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CHARLOTTETOWN, P.E.I. - Philip Brown could be forgiven for looking satisfied on Monday night.
On his third attempt at running to be the mayor of Charlottetown, Brown walked away from Monday night’s municipal election with a win by a margin of over 800 votes. In the final tally, Brown had garnered 6,136 votes.
The former city councillor and current educator edged out four other candidates – Cecil Villard, Kim Devine, Jamie Larkin and William MacFadden – for the post.
In his victory speech at his campaign headquarters, Brown talked about his plans to re-invest in affordable housing and city infrastructure, two issues that had been the touchstone of his campaign.
“We’re going to be working on affordable housing, the CADC and cleaning up the rivers,” Brown said.
“It’s quite obvious the issue we want to deal with first. It’s affordable housing.”
Brown said he sees his role as a mediator working closely with federal and provincial authorities – being the “grease on the wheels” as he put it – to address pollution in the Charlottetown harbour and the city’s housing issues.
Philip Brown quick facts
- Age: 59
- Occupation: Teacher and business partner at E.B. Brown Transportations Services and Atlantic Hy-Span Ltd.
- Education: Bachelor of Arts and Bachelor of Education
- Previous political experience: Served two-terms on Charlottetown city council (2001-2006); ran twice unsuccessfully for mayor (2010 and 2014)
- Ward: 3
- Quote: “I am passionate about Charlottetown. I will do the best I can for the city and its residents.”
Brown had previously served two terms as a city councillor in Charlottetown from 2001 to 2006. He ran unsuccessfully against Mayor Clifford Lee in 2010 and in 2014. Lee, who is stepping down from the post in order to work as the province’s special adviserr on affordable housing, won both contests handily.
Over the course of the campaign Brown maintained a similar platform to candidates Devine and Villard on housing issues, pledging to bring together developers and non-profits to strategize solutions and undertaking a study of under-utilized land in Charlottetown. But Brown also emphasized the co-op model of housing as a possible solution to the city’s shortage of rental housing, earning him the endorsement of Barbara Dingwell, the P.E.I. director the Co-operative Housing Federation of Canada.
Brown also spoke of the need to advocate the province and federal governments to become more involved in building social and affordable housing in P.E.I.
Brown also pledged to regulate short-term rentals, including imposing a hotel-room tax on guests. Brown said the funds from such a tax could go towards building affordable housing.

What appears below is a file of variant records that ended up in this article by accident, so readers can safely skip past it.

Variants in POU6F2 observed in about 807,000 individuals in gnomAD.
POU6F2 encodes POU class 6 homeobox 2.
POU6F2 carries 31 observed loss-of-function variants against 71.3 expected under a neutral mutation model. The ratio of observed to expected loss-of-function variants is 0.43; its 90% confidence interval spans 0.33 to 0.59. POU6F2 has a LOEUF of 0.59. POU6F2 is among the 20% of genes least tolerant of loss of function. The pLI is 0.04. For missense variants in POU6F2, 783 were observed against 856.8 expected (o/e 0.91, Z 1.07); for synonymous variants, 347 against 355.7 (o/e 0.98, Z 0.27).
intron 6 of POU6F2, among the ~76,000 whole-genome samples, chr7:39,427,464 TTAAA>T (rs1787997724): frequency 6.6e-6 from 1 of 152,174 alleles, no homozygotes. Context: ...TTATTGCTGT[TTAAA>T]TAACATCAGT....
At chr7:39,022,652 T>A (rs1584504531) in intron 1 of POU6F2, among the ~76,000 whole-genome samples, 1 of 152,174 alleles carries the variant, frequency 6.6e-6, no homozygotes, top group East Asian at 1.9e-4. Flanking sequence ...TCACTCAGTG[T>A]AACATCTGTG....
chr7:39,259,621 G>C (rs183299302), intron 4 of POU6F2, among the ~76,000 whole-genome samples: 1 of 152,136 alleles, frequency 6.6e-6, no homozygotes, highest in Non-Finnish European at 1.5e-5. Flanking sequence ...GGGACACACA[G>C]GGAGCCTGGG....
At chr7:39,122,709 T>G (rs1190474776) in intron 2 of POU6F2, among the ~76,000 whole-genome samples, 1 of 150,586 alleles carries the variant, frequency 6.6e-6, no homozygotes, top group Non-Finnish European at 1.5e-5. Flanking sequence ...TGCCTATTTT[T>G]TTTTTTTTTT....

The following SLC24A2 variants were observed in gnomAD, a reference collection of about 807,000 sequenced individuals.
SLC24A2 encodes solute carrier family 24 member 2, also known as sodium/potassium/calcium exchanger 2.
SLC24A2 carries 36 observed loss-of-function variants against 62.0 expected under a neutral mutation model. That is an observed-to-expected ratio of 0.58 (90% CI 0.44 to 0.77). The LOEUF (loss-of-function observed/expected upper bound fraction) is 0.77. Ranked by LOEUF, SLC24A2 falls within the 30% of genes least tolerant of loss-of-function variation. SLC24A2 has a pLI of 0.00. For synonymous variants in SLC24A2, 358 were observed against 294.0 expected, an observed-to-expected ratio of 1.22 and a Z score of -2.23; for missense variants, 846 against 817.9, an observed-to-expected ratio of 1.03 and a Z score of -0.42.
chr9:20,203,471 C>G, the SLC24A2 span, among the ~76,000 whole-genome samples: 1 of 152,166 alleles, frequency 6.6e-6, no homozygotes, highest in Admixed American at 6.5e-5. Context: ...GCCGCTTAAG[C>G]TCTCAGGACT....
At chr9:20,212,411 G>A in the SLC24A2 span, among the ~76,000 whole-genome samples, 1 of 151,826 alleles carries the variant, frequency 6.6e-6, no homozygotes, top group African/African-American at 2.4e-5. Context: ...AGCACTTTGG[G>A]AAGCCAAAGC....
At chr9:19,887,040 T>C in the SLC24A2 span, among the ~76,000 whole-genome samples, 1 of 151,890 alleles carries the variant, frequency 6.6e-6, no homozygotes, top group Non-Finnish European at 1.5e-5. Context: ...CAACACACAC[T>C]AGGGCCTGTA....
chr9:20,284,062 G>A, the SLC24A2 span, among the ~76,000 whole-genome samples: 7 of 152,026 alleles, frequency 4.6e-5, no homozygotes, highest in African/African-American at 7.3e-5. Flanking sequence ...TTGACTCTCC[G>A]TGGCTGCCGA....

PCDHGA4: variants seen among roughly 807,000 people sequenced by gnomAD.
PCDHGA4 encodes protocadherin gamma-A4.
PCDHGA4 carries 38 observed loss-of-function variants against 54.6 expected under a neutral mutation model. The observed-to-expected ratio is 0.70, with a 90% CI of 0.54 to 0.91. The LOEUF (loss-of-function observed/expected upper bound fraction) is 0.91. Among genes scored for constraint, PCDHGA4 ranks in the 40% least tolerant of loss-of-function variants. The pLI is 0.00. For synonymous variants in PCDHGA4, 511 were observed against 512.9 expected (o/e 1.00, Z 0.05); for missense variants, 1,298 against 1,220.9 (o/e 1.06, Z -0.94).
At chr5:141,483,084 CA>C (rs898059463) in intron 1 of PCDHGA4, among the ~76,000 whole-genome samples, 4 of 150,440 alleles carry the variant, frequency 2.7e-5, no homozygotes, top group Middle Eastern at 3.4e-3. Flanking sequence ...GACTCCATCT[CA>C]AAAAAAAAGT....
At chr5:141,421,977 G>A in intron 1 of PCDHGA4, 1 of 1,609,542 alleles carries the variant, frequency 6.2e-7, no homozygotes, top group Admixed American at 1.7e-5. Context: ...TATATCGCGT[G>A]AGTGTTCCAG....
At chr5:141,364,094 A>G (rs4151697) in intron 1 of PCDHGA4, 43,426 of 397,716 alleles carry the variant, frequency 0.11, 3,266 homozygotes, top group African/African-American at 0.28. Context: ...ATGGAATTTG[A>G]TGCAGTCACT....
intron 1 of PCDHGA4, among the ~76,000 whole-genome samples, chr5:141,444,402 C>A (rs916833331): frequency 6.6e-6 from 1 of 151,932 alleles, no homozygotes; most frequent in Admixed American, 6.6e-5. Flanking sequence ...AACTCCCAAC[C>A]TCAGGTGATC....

Unlike Villard, who had pledged to lower the operating tax rate in Charlottetown, Brown resisted calls to lower taxes. He instead emphasized the need to improve city infrastructure and to bring the Charlottetown Area Development Corporation back under the control of the municipality. The CADC is currently run by the province.
In one of the most bizarre episodes of the campaign, Brown was accused by Villard at a debate, hosted by The Guardian, of pledging to fire Charlottetown CAO Peter Kelly. Kelly was hired by the city after serving in the same role with Westlock County in Alberta. A report from the Alberta Department of Municipal Affairs concluded he contravened the province’s Municipal Government Act during his tenure there.
During the debate, Brown only committed to review staffing at city hall.
Villard arrived at Philip Brown’s campaign headquarters late on Monday night to congratulate him.
Brown will take the helm of a council composed of a mix of veterans and newcomers. Incumbent councillors Greg Rivard, Terry MacLeod, Mitchell Tweel, Kevin Ramsay, Bob Doiron and Jason Coady, Terry Bernard and Mike Duffy will be returning to city hall. They will be joined by a few new faces, including Alanna Jankov in Ward 1 and Julie McCabe who won in Ward 9.
In a speech on Monday night, Brown thanked members of his campaign team. But after three runs at the mayorship, he reserved his highest praise for his children Alec and Emma, and for his wife, Lori Devine.
“She’s a partner and she’s my best friend,” Brown said as he grinned at his wife.